Effect of maxillomandibular fixation on condylar growth in juvenile Macaca mulatta: a cephalometric and histologic study


Goran Isacsson, David S. Carlson, James A. McNamara, Jr. and Annika M. Isberg


The effect of maxillomandibular fixation on the growth of the mandibular condyle was studied in eight control and eight experimental male juvenile monkeys. All animals had metallic implants placed throughout the craniofacial complex in order to facilitate cephalometric analysis of growth-related changes in the maxillomandibular complex during jaw immobilization. Every 3, 6, 12, and 24 wk after insertion of the appliance two experimental animals were killed for histologic analysis. Cephalometric analysis indicated no major deviation from normal maxillary or mandibular growth in the experimental animals. The condylar growth in the experimental animals was comparable with that of the controls. Histologic analysis indicated that the articular connective tissue in experimental joints remained the same thickness as in the controls. On the postero-superior aspect of the condyle, the thickness of the prechondroblastic-chondroblastic cell layer was reduced by 70-80% in the experimental animals. On the posterior aspect this cell layer was not visible after 12 wk of fixation, but was replaced by a periosteum-like, cell-rich tissue which appeared to be active in appositional formation of cancellous bone. These results indicate that long-term maxillomandibular fixation does not cause major alterations in the growth of condyle or the entire mandible despite a profound decrease of the prechondroblastic-chondroblastic cell layer in the postero-superior and posterior regions of the condyle. The growth is probably due to a compensatory appositional bone formation along the surface of the condyle. It is also concluded that jaw mobility is not a prerequisite for normal maxillary or mandibular growth.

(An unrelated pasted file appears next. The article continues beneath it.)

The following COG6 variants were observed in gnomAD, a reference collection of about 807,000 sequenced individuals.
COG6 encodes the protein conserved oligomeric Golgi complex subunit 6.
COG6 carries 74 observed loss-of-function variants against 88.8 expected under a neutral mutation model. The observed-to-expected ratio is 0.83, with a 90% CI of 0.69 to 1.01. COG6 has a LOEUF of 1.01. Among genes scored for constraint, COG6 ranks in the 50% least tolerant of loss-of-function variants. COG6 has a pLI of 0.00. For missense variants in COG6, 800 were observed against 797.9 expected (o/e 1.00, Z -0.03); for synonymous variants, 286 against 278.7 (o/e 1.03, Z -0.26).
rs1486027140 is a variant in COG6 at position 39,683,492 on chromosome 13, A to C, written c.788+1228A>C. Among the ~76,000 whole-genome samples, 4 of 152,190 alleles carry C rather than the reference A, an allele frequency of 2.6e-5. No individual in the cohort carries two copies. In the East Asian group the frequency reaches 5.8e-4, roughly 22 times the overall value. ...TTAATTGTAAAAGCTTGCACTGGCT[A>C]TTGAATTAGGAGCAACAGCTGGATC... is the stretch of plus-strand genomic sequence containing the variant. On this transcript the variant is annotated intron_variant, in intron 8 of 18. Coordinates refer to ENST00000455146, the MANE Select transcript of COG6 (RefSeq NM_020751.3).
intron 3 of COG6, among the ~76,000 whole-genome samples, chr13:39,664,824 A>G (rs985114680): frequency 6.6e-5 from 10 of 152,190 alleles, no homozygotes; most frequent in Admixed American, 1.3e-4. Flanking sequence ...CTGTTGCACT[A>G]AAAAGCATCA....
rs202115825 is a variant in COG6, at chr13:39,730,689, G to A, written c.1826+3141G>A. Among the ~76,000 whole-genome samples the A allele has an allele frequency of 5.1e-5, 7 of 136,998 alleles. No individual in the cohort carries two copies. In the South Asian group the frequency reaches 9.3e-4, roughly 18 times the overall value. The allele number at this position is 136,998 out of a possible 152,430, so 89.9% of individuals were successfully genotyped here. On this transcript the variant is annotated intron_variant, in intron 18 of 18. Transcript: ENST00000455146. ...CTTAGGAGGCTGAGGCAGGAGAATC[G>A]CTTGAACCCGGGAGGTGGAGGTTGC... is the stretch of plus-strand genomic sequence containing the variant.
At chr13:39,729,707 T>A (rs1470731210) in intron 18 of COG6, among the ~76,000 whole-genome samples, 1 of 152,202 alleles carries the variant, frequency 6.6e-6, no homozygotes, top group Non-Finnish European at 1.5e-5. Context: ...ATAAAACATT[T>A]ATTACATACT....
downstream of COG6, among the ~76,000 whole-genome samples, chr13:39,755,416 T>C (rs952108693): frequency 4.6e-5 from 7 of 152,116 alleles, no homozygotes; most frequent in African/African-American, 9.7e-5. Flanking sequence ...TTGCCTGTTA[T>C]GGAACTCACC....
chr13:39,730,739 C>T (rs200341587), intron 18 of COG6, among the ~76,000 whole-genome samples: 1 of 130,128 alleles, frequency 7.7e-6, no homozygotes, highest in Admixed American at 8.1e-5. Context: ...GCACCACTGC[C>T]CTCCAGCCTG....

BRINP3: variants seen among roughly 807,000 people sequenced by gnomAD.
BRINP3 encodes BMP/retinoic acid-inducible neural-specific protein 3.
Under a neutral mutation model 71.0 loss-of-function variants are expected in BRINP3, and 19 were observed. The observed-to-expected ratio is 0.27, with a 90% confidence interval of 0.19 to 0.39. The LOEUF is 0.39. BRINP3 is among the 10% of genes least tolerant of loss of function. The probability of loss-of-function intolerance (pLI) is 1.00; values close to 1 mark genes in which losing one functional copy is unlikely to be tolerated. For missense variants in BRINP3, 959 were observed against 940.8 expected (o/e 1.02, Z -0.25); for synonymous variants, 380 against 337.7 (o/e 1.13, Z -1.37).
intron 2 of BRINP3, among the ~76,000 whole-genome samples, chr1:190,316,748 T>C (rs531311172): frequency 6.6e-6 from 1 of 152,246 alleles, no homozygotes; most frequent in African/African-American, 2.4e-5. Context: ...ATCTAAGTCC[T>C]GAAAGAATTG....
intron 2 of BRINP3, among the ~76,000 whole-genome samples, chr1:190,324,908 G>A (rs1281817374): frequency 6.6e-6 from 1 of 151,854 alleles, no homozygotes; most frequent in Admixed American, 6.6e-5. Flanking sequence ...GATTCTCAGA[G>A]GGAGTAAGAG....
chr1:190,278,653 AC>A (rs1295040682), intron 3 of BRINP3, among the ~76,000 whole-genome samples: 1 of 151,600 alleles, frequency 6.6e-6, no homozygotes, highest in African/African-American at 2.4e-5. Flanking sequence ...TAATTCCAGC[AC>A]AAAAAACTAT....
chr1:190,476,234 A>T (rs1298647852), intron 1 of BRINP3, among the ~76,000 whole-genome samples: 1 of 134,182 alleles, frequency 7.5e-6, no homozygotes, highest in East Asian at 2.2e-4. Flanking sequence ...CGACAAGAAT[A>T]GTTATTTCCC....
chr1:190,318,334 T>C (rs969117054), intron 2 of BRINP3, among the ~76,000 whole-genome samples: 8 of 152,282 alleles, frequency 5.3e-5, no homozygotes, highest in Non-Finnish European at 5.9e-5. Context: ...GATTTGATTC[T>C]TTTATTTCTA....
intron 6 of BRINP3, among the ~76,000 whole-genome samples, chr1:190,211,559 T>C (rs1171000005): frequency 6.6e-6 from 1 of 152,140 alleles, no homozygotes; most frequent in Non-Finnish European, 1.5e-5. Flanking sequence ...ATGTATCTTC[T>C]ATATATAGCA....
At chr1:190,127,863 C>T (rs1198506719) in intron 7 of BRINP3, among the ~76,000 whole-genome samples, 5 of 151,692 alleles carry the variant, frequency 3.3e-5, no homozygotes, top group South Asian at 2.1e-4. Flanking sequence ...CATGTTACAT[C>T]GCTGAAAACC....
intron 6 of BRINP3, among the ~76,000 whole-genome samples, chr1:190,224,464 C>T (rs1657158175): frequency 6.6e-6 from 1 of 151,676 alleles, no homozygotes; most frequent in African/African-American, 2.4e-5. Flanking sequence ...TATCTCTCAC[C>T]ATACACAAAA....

Link to Article